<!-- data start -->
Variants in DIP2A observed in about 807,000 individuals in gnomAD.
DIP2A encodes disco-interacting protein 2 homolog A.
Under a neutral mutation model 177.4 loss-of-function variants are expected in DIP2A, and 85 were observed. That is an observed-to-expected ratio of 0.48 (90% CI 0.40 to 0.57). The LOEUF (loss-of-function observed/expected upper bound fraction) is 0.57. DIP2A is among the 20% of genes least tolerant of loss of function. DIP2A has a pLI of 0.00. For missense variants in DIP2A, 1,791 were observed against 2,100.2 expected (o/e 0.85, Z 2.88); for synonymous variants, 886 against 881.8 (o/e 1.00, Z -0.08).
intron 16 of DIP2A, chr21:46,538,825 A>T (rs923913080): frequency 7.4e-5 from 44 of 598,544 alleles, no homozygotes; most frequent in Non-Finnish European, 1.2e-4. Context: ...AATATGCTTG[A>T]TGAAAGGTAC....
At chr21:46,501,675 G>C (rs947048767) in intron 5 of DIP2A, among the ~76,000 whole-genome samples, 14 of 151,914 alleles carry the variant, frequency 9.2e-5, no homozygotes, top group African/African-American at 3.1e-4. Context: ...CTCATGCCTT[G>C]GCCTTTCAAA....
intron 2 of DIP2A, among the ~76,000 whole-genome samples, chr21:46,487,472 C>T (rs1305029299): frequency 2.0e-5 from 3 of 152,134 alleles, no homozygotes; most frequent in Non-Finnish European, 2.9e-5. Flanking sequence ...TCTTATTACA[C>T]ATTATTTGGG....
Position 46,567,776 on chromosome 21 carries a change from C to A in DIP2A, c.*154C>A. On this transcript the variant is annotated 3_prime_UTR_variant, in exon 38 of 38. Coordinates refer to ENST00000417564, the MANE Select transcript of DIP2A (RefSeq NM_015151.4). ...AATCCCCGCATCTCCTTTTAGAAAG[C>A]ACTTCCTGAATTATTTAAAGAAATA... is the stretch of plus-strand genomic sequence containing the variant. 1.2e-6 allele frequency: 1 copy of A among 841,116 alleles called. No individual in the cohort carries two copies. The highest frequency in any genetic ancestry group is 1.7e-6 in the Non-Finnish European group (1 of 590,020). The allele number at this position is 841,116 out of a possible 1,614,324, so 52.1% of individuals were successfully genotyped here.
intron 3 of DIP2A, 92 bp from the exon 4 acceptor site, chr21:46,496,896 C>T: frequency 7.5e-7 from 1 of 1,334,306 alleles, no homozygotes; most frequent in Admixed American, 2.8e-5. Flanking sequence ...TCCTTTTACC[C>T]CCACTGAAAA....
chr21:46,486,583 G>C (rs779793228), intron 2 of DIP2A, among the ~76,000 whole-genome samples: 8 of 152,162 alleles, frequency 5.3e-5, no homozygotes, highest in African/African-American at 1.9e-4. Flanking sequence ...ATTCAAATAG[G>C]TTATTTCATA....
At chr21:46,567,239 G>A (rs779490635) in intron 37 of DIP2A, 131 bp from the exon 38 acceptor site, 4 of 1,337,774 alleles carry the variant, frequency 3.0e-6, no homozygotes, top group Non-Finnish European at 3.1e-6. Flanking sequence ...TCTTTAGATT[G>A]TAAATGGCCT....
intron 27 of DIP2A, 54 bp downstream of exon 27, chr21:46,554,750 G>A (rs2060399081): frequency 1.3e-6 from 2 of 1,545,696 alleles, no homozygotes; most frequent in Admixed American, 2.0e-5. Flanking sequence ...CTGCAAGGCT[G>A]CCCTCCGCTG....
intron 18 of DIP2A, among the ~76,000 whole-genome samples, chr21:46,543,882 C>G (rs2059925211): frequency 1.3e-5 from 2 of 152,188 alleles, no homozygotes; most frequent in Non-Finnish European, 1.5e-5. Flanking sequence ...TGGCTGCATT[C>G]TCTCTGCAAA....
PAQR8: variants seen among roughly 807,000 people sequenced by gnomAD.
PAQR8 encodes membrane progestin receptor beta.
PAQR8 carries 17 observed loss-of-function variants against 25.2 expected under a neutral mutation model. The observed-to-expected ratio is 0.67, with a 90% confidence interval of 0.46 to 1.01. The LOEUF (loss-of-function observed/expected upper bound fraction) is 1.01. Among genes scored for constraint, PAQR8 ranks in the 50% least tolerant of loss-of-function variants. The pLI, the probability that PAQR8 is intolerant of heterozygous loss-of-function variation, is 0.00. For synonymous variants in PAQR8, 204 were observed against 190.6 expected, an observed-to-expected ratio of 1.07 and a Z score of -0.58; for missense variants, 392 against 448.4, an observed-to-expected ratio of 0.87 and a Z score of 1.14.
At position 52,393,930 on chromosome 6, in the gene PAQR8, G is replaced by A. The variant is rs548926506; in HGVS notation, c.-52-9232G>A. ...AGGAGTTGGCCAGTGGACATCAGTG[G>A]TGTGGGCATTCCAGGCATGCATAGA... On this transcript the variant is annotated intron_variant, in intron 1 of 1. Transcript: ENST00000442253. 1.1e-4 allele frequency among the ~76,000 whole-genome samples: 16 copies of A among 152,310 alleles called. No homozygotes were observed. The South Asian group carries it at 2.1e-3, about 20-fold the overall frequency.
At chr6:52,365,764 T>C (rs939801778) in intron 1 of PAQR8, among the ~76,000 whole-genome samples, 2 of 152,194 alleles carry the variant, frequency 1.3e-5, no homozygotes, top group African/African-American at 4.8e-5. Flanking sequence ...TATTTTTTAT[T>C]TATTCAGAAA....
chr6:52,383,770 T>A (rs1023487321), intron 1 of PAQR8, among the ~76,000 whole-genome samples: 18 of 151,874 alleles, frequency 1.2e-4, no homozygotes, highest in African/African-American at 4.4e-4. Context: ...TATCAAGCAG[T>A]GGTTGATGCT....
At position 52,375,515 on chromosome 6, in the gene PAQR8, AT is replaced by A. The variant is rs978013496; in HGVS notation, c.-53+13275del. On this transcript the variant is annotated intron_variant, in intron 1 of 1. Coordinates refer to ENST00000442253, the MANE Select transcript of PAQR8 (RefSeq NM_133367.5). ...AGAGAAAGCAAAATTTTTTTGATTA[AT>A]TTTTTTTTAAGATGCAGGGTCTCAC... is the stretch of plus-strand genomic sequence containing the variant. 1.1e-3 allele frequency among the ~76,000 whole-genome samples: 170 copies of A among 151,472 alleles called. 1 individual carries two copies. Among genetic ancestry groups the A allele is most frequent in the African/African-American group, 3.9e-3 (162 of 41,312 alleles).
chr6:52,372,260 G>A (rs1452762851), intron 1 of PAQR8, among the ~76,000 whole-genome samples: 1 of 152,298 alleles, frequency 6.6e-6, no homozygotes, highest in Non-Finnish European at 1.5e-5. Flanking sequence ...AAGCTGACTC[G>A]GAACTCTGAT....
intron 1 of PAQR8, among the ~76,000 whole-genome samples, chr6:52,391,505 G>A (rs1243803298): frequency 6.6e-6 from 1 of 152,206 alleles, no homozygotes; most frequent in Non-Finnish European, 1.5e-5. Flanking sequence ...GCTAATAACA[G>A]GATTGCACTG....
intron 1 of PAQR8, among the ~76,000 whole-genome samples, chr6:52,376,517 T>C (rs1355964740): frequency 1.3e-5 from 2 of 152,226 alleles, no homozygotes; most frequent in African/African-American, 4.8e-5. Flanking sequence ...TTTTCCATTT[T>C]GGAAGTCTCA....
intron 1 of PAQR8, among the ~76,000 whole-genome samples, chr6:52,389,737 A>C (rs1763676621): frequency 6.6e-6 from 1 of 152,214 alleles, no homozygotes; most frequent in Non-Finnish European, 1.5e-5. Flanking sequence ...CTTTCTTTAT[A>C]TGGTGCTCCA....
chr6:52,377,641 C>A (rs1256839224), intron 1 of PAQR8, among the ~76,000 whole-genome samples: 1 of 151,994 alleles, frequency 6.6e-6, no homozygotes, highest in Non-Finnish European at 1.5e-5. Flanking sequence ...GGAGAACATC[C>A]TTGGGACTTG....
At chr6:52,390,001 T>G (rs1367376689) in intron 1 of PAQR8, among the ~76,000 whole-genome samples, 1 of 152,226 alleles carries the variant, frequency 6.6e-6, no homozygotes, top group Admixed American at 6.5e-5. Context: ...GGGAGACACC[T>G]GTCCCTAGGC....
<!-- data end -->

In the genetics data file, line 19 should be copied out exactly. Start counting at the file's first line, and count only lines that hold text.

At position 52,375,515 on chromosome 6, in the gene PAQR8, AT is replaced by A. The variant is rs978013496; in HGVS notation, c.-53+13275del. On this transcript the variant is annotated intron_variant, in intron 1 of 1. Coordinates refer to ENST00000442253, the MANE Select transcript of PAQR8 (RefSeq NM_133367.5). ...AGAGAAAGCAAAATTTTTTTGATTA[AT>A]TTTTTTTTAAGATGCAGGGTCTCAC... is the stretch of plus-strand genomic sequence containing the variant. 1.1e-3 allele frequency among the ~76,000 whole-genome samples: 170 copies of A among 151,472 alleles called. 1 individual carries two copies. Among genetic ancestry groups the A allele is most frequent in the African/African-American group, 3.9e-3 (162 of 41,312 alleles).